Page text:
The Origins of Japanese Nationalism

Written by Dmitry Filippov. Edited by Bradley Bosson.

In recent years, Japan’s government and many members of the country’s political establishment have been described as nationalistic, with the current Prime Minister Shinzo Abe often being labeled a nationalist. Abe’s plans to amend Japan’s peaceful constitution and increase its security role in East Asia in the face of growing tensions with China are viewed by many as signs of the resurgence of Japanese militarism. While greatly exaggerated, these opinions reflect the general point of view that, even though Japan was occupied by the United States, demilitarised and democratised after the Second World War, it never came to terms with its nationalistic, militaristic past like Germany did. Looking at the origins of Japan’s right-wing ideology might provide an insight into some of its current issues.

The Meiji Restoration of 1868 opened a new era in Japanese history. The Tokugawa Shogunate was overthrown, and the young Emperor Mutsuhito ascended to the Chrysanthemum throne. The new government’s large-scale economic and social reforms mostly affected the samurai; Japan embarked on a path to capitalism which for the samurai as a social class became tantamount to a death sentence.

The samurai – who deemed even touching money beneath their dignity – became dependent on pawnbrokers and traders, and with the fiefdom system abolished and samurai troops disbanded, their very existence was put in jeopardy. As time passed, many samurai became disillusioned with the results of the Restoration. Their plight made them search for a way out in what they had been doing for centuries – war. The samurai called on the government to conquer Korea and Taiwan (then known as Formosa) and blamed the new regime for being undetermined and meek. Their frustration culminated in the Satsuma Rebellion of 1877 which ended in defeat and the suicide of its leader Takamori Saigo; previously the hero of the Restoration and a fervid monarchist. Since then, Japanese society no longer suffered from upheavals, while the establishment of parliament (known as the Diet) and the enactment of constitution managed to create a semblance of social balance.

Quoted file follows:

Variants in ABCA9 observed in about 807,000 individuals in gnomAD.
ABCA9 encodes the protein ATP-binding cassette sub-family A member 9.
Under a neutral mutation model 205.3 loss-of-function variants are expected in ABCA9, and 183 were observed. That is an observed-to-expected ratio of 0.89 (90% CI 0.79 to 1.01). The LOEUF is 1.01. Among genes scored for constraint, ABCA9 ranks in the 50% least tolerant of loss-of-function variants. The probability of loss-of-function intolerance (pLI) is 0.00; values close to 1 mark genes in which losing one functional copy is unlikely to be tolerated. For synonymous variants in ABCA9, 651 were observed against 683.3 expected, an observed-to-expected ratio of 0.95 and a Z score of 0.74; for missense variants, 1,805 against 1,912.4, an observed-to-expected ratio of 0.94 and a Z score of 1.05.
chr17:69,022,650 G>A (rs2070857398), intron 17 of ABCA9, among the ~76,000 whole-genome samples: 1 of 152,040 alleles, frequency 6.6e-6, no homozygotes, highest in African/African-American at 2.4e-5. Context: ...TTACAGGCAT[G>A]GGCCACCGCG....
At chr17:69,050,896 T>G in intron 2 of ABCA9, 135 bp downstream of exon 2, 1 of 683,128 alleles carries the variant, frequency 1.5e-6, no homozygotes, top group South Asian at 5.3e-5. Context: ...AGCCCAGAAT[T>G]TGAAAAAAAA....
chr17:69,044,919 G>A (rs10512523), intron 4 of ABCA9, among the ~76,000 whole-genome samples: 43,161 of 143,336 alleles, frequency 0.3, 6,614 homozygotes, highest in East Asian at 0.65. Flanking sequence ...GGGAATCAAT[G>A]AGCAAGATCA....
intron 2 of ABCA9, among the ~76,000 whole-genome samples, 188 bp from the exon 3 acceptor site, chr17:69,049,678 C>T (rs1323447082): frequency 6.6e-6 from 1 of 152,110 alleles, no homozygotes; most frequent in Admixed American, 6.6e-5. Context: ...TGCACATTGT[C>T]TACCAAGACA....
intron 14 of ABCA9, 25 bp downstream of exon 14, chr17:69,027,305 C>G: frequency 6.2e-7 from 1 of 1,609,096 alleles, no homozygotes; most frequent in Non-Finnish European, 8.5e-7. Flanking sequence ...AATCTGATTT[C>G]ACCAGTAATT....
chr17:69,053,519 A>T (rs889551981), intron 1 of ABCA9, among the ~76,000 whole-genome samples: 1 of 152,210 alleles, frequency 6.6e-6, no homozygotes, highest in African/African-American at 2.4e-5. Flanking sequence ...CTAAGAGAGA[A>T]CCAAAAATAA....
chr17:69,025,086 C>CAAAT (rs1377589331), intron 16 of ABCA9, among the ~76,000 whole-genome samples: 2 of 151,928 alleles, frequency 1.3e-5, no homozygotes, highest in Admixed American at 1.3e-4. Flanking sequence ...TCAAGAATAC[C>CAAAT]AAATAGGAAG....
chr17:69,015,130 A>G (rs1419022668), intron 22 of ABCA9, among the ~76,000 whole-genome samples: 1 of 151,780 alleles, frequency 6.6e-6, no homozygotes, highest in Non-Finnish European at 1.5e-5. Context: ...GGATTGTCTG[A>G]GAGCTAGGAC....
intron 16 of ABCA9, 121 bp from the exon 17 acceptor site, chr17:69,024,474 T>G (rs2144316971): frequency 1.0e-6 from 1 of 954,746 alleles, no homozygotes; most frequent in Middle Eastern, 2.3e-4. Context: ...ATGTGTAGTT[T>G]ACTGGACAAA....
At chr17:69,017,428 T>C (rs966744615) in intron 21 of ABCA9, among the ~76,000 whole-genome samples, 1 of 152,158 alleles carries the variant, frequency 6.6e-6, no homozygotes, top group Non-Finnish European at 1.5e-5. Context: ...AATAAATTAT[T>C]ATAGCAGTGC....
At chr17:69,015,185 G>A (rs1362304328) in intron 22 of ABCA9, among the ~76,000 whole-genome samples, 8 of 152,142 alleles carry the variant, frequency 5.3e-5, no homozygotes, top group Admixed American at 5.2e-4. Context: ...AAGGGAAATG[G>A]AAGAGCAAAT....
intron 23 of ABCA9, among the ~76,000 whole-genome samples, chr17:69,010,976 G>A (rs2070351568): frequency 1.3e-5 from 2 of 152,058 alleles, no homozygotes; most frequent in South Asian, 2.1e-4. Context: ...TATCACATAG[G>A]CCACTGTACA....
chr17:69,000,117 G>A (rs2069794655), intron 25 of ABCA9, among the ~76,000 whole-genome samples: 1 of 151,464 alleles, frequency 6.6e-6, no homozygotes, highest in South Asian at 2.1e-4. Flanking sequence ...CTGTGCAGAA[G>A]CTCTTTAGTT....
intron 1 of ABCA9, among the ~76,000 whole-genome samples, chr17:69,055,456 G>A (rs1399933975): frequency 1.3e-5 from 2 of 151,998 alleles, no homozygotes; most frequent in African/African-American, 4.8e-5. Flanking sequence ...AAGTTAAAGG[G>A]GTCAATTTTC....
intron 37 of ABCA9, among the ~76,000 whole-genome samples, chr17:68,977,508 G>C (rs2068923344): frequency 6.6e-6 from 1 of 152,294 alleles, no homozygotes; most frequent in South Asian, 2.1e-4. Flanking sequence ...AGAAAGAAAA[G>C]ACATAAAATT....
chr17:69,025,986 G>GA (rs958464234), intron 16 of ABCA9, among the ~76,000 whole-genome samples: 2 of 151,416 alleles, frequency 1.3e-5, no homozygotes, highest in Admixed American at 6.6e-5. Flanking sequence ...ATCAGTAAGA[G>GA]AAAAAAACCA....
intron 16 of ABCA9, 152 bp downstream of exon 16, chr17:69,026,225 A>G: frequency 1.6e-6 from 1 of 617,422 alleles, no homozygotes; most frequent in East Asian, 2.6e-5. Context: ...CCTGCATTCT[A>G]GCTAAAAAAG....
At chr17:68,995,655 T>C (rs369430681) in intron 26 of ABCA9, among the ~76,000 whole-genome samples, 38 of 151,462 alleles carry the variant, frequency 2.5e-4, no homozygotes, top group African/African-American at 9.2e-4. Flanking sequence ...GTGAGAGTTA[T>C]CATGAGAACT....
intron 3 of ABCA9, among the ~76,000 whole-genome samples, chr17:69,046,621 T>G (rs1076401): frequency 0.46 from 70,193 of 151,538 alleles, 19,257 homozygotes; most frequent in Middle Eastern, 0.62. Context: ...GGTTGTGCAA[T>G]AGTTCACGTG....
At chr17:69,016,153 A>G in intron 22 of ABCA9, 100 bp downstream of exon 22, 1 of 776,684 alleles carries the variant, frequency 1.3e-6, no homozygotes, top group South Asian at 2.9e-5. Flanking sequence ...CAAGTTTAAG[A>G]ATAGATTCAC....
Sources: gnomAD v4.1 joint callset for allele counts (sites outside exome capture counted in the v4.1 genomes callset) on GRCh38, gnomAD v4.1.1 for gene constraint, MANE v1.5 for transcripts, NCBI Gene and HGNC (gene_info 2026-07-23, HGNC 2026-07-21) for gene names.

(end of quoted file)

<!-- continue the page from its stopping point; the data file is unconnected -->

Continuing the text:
The first right wing societies that emerged in the wake of the samurai’s disillusionment with the Meiji Restoration were elitist rather than mainstream and concerned themselves primarily with issues of foreign policy. The first secret societies were formed by three samurai from Fukuoka, Mitsuru Toyama (1855-1944), Kotaro Hiraoka (1851 – 1906) and Rokusuke Hakoda (1850 – 1888). The three of them knew each other since attending a private school as teenagers and in 1879, they formed Koyosha, or the Society of the Sunward. The new organisation demanded the convocation of parliament and the adoption of constitution, and criticised the government for being too indecisive in revising the unequal treaties with the West.